WASHINGTON – The Federal Housing Finance Agency will announce within the next 30 days whether it will endorse a principal reduction strategy for the government-sponsored enterprises, or take "principal reduction off the table entirely," agency Director Mel Watt said in remarks Tuesday.
Watt's comments, before the Women in Housing and Finance group here, signal the agency may finally be reaching resolution on whether Fannie Mae and Freddie Mac will allow principal reductions. The question has not only dogged Watt's relatively short tenure but has been a point of contention about how to improve loss mitigation since after the 2008 financial crisis.
"It would not be an overstatement to say that this has been the most challenging evaluation the agency has undertaken during my time as director," Watt said in the prepared remarks. "We are, however, drawing close to the end of this difficult process, and I expect to announce a decision within the next 30 days about whether we have been able to find a 'win-win' principal reduction strategy or whether, on the other hand, we will take principal reduction off the table entirely."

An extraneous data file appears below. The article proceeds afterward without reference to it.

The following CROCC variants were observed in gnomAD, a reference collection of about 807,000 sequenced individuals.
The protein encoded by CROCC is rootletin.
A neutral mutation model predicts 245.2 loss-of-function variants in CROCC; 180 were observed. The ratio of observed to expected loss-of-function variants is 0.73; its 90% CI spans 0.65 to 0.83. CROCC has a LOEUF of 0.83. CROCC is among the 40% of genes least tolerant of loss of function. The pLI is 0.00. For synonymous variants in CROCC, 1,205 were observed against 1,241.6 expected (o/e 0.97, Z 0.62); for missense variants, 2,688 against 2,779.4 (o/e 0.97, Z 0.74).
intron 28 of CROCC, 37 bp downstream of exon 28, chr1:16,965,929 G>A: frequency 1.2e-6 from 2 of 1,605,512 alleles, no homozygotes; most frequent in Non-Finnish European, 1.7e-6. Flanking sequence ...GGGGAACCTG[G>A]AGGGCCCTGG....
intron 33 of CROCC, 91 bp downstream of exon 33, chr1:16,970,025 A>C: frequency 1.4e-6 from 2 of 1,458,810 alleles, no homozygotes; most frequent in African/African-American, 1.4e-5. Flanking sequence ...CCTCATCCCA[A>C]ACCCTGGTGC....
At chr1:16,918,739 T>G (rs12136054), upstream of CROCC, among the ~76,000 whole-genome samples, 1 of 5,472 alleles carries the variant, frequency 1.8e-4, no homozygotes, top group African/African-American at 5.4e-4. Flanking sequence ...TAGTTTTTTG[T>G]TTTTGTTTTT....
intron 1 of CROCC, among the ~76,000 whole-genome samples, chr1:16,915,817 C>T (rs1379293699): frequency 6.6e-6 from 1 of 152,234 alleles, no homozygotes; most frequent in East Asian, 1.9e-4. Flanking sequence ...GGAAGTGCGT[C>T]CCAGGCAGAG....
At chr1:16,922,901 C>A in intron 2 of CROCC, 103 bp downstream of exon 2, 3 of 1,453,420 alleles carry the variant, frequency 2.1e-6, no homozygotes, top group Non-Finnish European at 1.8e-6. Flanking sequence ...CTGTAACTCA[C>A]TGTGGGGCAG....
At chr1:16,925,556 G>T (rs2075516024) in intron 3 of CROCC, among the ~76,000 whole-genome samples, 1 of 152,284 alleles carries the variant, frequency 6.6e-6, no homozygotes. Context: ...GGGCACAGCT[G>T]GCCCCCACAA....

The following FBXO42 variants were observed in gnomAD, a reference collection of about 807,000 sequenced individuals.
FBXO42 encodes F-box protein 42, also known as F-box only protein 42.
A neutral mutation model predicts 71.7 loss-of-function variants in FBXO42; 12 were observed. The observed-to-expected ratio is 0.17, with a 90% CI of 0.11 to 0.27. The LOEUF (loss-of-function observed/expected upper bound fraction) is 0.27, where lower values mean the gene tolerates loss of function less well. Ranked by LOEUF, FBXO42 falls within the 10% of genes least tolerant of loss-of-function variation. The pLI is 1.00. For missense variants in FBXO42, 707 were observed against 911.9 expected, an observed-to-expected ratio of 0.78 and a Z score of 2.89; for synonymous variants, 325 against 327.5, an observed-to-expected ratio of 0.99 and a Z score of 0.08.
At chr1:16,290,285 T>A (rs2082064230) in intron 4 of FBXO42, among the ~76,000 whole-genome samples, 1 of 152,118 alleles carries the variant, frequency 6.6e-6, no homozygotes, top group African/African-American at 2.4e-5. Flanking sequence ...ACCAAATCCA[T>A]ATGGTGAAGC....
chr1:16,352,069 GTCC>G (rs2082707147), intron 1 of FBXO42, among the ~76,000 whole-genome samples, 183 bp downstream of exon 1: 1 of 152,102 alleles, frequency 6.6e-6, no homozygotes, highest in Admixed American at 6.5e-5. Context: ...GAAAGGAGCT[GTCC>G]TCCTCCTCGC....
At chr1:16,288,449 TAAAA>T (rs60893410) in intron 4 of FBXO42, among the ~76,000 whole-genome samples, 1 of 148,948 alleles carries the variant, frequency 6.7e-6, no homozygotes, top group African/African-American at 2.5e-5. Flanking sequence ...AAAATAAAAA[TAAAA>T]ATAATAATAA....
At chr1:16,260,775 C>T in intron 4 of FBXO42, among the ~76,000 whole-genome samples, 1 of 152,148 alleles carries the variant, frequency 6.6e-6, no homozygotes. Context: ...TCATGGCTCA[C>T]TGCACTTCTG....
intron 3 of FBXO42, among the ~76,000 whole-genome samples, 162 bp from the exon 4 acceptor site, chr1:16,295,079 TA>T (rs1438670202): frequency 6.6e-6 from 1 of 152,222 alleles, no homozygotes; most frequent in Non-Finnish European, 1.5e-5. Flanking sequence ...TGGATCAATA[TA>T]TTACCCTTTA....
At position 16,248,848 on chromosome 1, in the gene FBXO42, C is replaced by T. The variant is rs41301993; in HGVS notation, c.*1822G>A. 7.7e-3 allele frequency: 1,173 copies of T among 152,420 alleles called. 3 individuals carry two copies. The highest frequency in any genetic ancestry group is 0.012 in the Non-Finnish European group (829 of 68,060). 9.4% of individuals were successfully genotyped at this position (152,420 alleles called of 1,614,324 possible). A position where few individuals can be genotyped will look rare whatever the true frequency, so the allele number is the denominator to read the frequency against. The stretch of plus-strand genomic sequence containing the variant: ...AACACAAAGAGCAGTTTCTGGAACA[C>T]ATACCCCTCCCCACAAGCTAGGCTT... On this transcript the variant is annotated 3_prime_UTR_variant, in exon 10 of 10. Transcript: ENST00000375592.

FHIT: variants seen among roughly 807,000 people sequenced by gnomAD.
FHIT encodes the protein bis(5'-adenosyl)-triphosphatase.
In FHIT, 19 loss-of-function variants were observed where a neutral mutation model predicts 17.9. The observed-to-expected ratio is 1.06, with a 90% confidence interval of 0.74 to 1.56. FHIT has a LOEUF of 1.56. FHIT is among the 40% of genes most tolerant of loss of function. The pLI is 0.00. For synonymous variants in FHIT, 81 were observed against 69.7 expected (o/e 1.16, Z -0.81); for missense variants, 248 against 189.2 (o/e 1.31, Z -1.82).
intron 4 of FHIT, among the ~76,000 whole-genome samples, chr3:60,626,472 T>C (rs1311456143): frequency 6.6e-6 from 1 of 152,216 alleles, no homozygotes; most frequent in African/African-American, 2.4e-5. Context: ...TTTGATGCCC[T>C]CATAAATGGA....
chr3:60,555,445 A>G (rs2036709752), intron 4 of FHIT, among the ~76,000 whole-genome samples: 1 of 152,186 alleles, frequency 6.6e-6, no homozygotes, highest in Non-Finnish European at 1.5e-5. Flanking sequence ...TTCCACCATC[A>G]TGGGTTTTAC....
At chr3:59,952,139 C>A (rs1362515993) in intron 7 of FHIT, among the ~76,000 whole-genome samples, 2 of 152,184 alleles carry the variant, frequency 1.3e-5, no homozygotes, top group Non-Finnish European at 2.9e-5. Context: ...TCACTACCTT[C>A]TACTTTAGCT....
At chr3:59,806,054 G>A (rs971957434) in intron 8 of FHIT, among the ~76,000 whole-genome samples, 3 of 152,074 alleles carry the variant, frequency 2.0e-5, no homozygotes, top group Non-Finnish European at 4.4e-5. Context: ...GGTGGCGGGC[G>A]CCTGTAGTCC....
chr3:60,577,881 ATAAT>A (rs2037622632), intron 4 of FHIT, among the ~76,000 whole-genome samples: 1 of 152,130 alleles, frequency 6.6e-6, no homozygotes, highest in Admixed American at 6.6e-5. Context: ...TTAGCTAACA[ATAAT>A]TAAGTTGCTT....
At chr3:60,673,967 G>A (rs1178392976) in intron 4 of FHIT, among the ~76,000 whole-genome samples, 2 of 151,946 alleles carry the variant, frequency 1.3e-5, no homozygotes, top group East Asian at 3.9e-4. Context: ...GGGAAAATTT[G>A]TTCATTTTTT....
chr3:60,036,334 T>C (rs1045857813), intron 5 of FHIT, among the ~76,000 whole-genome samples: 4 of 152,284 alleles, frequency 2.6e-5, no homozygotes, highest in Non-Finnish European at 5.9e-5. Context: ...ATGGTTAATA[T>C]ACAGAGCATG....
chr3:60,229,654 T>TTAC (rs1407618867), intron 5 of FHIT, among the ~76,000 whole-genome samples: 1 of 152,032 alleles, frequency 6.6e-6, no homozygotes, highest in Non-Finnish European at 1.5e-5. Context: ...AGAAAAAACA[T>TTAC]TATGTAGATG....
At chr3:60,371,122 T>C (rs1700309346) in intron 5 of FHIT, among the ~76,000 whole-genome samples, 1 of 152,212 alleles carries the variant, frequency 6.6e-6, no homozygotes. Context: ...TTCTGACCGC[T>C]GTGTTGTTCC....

His remarks created more uncertainty about the FHFA's deliberations one day after the Wall Street Journal, quoting unnamed sources, reported that the GSE regulator has already approved a limited principal reduction plan to help fewer than 50,000 homeowners.
The program would likely help borrowers already behind on their mortgages who are underwater, the article said. Fannie and Freddie would allow principal forgiveness only when it would result in fewer losses than other strategies, the report said.
But Watt's speech suggests the agency's final strategy is still unclear.
"Many have asked why it has taken so long to reach a conclusion," he said in the speech. "The direct answer is that making this determination involves consideration of an extremely complicated set of factors. These factors include, among others, balancing the decreasing number of borrowers who are both underwater and seriously delinquent with the cost and significant operational complexity for the enterprises and servicers to implement a principal reduction program."